Programs > Brochure
IIP-Indian Institute for Cerebral Palsy
Kolkata, India (Outgoing Program)
|Partner Institution/Organization Homepage:||Click to visit|
|Restrictions:||Princeton applicants only|
|Dept Offering Program:||IIP, International Internship Program (IIP)||Program Type:||Internship|
|Language Prerequisite:||No||Program Features:||Community Service, Field Work|
|Degree Level:||2 First year Ugrad, 3 Sophomore, 4 Junior||Time Away:||Summer|
|Housing options:||Student Responsibilty with support from IIP and/or Host Organization||Program Group:||International Internship Program|
About: The Indian Institute of Cerebral Palsy (IICP) offers services across the life-cycle from newborn babies aged to adults over 50 years of age. It works within the context of an institution and in the community--in urban slums and rural areas of the state of West Bengal. IICP's multi-disciplinary professional team of therapists, teachers, and social workers, work closely with persons with disabilities and their families. IICP's areas of specialization include Information Communication Technology, Advocacy, and Community Based Services. IICP seeks to educate and inform persons with disabilities and their families of equal rights and opportunities and to assist them in gaining access to all aspects of life in the community. IICP’s assistive technology center demonstrates the close collaboration between developers of technology and users.
Intern Responsibilities: Possible projects for IIP interns will be: teaching children and adults with disability; physiotherapy/occupational therapy--assessment and management of CP; collaboration with instituitions like the National Resource Center for Augmentative and Alternative communication and the Ankur Advocacy and Empowerment Group; vocational training; adult day and short stay services; family services; social work; projects in Jugnu, a playschool for economically disadvantaged children aged 2-6 years. IIP Interns can choose one or more services in which they will be placed.
Qualifications: IIP candidates with interest in human rights, assistive technology for persons with communication difficulties, advocacy and empowerment of marginalized groups, journalism, physiotherapy, occupational therapy, drama, music, art, and/or counseling and social work are encouraged to apply. Photography/video skills are recommended. Film-making skills would be an asset. Basic knowledge of Hindi or Bengali would be an asset but is not required.
Previous work experiences (in words of past IIP interns): Intern #1: In the mornings, I taught the special education department. I worked with students ages 8 to 14 on reading/writing in English and learning basic math skills. In the afternoons, I went to the Adult Day Center where adults with severe disabilities spend their day. There, I was responsible for engaging the students in activities and teaching them basic life skills like how to feed themselves. I was also responsible for feeding those students who cannot feed themselves. In the evenings, I worked on creating teaching aids for the next day's class and worked on a project in the vocational training division to teach the hearing and speech impaired how to cook. Next month, I spent my mornings working full time in the vocational training division, helped the students there build resumes, conducted job interviews, and obtained marketable skills that they can use in a workplace environment (like typing, use of computers, exc.). I then spent my afternoons working with Roshni, the technology department, where I helped develop additional learning aids for the hearing and speech impaired. Intern #2: I worked in the Hindi/English classroom and the LSTU (Life Skills Training Unit) classroom in the Center for Special Education (CSE) in the institute. My projects were to teach communicative English in those classrooms, teach math and English individually for two students, and made a poetry communication board for one student. The communication board was a collection of poems that the students used to learn and recite poetry...I learned how to be more open-minded about different cultures. I was very accustomed to structured schedules and routines in the United States, but I learned how to be more flexible and open to sudden changes...My project was also helping me learn how to teach. I learned how to present the material, what kinds of problems/questions to give them, and how to grab their attention...My communicative English lessons helped the students learn how to interact with people who speak English, especially with foreign visitors who come to the classrooms. The individual math and English lessons for the two students helped them reach several of their academic goals. The communication board was also be used by other students who have difficulty speaking, not only the student that I made it for. Intern #3: I worked in the institute's catering unit alongside people with disabilities. This work included making a picture catalog of all kitchen items, utensils, and appliances to help in the vocational training process; creating a Korean cookbook that is disability friendly to share before leaving; facilitating the daily cooking process and trying to improve understanding between supervisor and vocational trainee during the learning process through the use of my projects...Specifically, I created five pictorial catalogs of Indian spices, vegetables, fruits, utensils & appliances, and dry goods with English and Bengali captions along with one pictorial Korean recipe book that people with disabilities could use in the catering unit...I learned that there is such a thing as a universal language, adapted to intense and fast-paced environments like the kitchen in a foreign environment,and learned about who to turn to when questions arise i.e. navigating the Indian power bureaucracy.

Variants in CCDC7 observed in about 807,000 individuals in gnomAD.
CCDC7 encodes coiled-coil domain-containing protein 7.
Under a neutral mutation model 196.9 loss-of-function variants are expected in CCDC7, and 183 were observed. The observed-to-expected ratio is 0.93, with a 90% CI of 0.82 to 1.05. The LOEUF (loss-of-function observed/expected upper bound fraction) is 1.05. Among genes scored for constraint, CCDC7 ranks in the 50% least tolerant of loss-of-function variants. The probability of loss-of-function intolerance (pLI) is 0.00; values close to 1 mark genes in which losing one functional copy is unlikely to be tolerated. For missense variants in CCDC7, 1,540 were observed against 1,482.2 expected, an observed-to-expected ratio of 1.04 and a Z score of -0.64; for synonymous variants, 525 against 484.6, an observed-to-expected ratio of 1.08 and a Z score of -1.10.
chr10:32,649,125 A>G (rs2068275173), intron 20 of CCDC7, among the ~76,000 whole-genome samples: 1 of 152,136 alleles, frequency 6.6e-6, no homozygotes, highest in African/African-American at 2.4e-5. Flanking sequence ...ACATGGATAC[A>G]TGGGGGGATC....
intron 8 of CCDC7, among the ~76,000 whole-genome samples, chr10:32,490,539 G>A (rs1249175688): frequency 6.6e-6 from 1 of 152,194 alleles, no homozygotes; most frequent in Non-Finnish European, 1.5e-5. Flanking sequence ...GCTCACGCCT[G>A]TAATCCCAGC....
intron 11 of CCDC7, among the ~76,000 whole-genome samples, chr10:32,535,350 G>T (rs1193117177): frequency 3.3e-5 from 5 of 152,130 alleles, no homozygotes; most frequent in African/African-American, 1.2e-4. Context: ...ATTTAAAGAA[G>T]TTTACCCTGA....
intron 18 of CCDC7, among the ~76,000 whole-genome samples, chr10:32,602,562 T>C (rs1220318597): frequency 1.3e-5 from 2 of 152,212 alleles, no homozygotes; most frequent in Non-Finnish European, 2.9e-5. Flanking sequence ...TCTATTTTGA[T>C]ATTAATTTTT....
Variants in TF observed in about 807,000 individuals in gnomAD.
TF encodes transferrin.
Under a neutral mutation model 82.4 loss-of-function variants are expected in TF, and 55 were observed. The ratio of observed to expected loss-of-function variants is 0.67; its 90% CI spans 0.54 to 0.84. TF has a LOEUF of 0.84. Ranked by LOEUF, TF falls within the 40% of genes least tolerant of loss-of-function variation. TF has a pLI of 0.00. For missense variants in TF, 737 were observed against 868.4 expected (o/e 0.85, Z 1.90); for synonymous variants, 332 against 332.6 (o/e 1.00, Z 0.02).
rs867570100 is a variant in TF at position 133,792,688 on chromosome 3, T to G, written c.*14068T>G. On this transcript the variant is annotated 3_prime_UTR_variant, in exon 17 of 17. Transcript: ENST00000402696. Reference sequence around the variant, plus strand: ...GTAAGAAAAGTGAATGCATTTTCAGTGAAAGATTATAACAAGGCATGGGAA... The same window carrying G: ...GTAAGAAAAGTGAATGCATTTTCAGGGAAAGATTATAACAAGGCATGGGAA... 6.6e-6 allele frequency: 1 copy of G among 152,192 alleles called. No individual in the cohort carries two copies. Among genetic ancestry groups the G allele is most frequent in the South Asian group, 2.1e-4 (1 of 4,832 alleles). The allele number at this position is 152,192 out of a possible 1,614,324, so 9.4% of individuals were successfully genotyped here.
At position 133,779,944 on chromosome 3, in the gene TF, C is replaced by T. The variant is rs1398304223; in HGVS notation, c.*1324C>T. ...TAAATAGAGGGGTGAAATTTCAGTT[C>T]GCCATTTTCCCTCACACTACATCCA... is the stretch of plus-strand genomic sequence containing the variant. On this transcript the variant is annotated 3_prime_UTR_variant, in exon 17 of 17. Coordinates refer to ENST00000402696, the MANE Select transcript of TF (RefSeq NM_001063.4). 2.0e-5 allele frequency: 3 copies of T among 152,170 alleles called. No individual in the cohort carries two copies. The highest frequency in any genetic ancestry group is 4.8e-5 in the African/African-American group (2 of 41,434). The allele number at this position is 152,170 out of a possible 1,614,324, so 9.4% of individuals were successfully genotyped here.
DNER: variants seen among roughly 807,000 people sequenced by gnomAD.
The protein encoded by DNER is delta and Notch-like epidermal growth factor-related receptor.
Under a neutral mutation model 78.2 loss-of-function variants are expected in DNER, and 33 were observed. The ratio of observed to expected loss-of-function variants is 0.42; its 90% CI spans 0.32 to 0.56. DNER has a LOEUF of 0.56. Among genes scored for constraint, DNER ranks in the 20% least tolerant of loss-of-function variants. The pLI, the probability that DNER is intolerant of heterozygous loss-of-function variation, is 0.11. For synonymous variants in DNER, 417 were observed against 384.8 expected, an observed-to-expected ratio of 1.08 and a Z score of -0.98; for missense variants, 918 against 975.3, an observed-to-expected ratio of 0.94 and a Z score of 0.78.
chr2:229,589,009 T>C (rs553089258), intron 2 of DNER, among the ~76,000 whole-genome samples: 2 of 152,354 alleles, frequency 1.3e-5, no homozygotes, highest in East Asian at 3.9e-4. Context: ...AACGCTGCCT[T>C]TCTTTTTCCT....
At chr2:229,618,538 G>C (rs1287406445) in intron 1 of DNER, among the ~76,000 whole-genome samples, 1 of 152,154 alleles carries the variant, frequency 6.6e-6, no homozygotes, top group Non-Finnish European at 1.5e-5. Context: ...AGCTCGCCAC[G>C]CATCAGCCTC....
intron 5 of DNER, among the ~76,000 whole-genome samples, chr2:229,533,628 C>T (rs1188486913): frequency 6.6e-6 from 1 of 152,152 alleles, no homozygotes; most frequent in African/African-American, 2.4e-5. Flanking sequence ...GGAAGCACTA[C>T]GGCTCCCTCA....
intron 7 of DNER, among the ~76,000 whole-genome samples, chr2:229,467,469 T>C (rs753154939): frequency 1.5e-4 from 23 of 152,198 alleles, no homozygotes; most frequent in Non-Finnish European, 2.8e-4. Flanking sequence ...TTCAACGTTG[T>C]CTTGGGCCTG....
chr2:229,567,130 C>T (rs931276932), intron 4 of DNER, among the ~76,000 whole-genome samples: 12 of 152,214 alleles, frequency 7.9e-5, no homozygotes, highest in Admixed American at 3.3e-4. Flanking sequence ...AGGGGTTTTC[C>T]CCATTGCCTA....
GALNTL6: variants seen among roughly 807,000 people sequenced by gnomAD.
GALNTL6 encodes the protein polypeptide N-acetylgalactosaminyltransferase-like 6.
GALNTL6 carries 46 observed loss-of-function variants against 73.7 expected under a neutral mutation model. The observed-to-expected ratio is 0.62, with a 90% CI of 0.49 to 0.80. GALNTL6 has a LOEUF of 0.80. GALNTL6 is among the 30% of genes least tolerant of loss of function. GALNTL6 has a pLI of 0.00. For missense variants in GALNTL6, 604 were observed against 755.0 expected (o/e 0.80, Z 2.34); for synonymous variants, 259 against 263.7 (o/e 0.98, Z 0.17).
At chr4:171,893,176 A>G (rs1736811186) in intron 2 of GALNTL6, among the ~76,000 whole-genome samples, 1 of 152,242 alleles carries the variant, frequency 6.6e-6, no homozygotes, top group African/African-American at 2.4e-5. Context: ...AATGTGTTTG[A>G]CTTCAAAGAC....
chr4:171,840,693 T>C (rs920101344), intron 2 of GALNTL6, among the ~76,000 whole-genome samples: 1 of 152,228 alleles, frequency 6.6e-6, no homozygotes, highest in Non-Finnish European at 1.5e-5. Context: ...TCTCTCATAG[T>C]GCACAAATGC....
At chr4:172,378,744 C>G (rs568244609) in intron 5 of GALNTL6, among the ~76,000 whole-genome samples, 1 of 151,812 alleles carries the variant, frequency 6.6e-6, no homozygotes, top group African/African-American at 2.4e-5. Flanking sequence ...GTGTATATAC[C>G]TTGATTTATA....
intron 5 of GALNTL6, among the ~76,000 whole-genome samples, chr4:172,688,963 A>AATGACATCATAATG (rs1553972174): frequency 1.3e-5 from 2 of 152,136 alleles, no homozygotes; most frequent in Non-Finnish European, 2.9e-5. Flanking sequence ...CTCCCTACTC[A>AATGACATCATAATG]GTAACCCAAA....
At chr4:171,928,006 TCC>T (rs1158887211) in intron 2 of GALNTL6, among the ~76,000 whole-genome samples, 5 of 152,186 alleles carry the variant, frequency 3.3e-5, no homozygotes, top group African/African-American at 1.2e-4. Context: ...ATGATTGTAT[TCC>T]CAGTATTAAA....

View power point presentations by past IIP interns:
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